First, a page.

Nicky Nook, Lancashire is not a big hill by any means at just 215m (705ft) but honestly if you want great views all around and good paths and trails then a walk up is definitely recommended. Being such relatively small climb it is great for the whole family to go up if you want to take children on an adventure.
There are so many paths up to and the drone pic I took here above shows how clear and well maintained the path is. Plus that being most of the path you can see how short it is for many standards of walker.
You can make it a straight up and down, an exploration all around the top or walk down the other side into the beautiful Grizedale Valley and the reservoirs. There are easy ways to make it a circular walk too. On a sunny day it is all very beautiful to experience.
Parking for Nicky Nook you have a few options. You can start in the lovely little village of Scorton itself or you can do as I do and park near the Applestore Cafe a mile or so away.
From here you will see a narrow road that goes to the right (if facing the cafe car park). That is where to start walking, along this road down then up semi steep. Within a few hundred metres you can see the entrance to the Nicky Nook fell path with a big sign.
From here the path winds up straight to the top and you can do it within 20 minutes or so if you are on a mission! But where is the enjoyment in that? Look back and you already start to get the views.
Like I say this is a small fell, but on a clear day you can see for miles and miles, especially looking west and north. being situated on the edge of the Bowland Fells there are no interruptions in the view across to the sea and Morecambe Bay etc.
Across to the Fylde Coast you can easily see Blackpool Tower against the skyline. Looking north west you get a super view over Arnside Knott and the mountains of the Lake District.
Now then. If you pass over the summit straight on you start heading down into the Grizedale Valley and it doesn’t take long to follow the path down to Grizedale Reservoir. A very quiet place to be, even if the hill is busy at times.
Grizedale Reservoir is a wonderful tree lined body of water that was built in 1866 to provide water for The Fylde area and Blackpool.
It is a great setting. with a backdrop of the higher Bowland Fells.
If you are wanting to do the circular around Nicky Nook, head down to the reservoir and turn right at the bottom. Again a great mainly flat path takes you from here around and back to Scorton. After you pass the end of the reservoir there are also a few opportunities to take a path back up to the top. Which is what Malc and I did.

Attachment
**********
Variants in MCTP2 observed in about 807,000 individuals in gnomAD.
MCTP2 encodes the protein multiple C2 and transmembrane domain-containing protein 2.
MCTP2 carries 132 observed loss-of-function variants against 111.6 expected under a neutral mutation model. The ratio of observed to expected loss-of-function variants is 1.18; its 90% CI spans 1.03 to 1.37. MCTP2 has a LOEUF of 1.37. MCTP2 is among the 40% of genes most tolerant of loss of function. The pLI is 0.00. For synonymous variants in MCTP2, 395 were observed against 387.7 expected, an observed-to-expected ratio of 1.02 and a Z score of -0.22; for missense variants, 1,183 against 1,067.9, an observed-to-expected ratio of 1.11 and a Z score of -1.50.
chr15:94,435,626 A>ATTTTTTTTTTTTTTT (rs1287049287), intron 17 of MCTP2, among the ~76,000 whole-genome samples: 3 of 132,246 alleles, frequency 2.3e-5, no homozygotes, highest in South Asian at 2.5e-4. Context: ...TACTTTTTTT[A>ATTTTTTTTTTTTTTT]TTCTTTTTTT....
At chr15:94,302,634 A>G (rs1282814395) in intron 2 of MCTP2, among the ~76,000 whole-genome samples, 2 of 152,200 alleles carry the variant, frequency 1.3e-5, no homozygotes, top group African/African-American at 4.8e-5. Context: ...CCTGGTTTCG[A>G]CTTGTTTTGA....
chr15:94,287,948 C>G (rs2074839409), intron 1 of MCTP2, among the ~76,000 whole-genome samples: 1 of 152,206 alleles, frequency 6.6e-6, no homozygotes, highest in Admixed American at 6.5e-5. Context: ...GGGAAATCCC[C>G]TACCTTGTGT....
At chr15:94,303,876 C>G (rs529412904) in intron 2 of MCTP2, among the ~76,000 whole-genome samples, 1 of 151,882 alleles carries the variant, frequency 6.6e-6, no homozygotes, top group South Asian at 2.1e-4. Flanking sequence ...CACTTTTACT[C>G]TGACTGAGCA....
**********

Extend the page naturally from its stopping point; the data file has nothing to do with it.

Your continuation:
Also on the summit plateau of Nicky Nook you will see a couple of tall, stone pillars if you explore. These actually mark the route of the Thirlmere Aqueduct that passes below. Yes, you may know Thirlmere Reservoir, many miles away in Cumbria. Well that reservoir was created in the 19th Century to provide water to Manchester. So the water needed to be carried the 96 miles all the way down from the lakes. A true engineering feat.
These pillars mark the route it passes deep below, there is another actually over on the other side of Grizedale Reservoir too. They could be the spots of the openings from when the waterway was built.
We then made our way back to the summit proper again for a rest in the sunshine. We had all the time in the world to enjoy and explore in the sunshine.
On the way back down we went via one of the small tarns you will find and can see easily from the top. Malc needed a paddle to calm down. For me it was a time to relax and take in the moment.
As we strolled back down to the car park I looked back up the hill with a smile. Walking, hiking and climbing is not all about height, distance or being on a slog. Some little hills surprise us so much in history, scenery, variety plus massive and surprising views. This is definitely one of them.
A bonus of starting from the Applestore cafe car park too is you can get some refreshments, and cake at the end. It is a popular cafe and well known for good reason. happy walking!